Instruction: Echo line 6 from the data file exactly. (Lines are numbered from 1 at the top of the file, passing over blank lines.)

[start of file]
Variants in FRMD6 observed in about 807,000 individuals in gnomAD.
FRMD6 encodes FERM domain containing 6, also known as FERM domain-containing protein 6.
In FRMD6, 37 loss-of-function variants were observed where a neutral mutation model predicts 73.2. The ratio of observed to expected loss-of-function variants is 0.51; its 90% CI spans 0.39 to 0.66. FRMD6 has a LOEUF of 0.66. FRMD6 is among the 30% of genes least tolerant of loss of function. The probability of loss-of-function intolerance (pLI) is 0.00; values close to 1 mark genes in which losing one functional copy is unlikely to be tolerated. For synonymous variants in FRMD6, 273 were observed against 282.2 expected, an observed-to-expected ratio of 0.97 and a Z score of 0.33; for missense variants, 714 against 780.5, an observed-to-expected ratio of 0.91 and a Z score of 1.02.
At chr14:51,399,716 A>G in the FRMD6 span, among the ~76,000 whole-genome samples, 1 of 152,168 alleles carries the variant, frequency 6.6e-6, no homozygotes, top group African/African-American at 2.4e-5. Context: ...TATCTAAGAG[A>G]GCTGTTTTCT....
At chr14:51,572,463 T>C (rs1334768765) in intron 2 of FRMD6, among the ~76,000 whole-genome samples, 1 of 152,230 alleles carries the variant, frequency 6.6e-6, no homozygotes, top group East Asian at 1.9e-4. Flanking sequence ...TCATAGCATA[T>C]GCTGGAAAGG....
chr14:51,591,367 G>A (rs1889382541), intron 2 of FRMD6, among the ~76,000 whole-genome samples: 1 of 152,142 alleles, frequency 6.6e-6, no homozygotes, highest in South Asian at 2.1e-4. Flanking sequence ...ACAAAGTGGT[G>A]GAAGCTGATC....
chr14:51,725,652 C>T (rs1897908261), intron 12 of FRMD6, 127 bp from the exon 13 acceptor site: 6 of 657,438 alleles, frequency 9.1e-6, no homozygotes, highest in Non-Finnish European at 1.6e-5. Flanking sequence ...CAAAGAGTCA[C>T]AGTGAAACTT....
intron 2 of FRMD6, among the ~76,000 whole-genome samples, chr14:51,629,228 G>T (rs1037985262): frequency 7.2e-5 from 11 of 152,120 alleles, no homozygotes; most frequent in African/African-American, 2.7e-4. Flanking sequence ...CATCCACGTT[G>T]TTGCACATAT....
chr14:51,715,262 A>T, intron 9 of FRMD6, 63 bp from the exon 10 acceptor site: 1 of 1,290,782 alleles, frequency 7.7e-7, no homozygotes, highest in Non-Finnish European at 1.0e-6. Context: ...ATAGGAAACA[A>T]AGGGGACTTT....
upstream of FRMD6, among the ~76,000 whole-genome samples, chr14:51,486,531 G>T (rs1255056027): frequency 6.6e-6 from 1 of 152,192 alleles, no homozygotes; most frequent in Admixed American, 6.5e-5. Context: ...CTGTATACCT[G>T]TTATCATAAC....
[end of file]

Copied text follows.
chr14:51,591,367 G>A (rs1889382541), intron 2 of FRMD6, among the ~76,000 whole-genome samples: 1 of 152,142 alleles, frequency 6.6e-6, no homozygotes, highest in South Asian at 2.1e-4. Flanking sequence ...ACAAAGTGGT[G>A]GAAGCTGATC....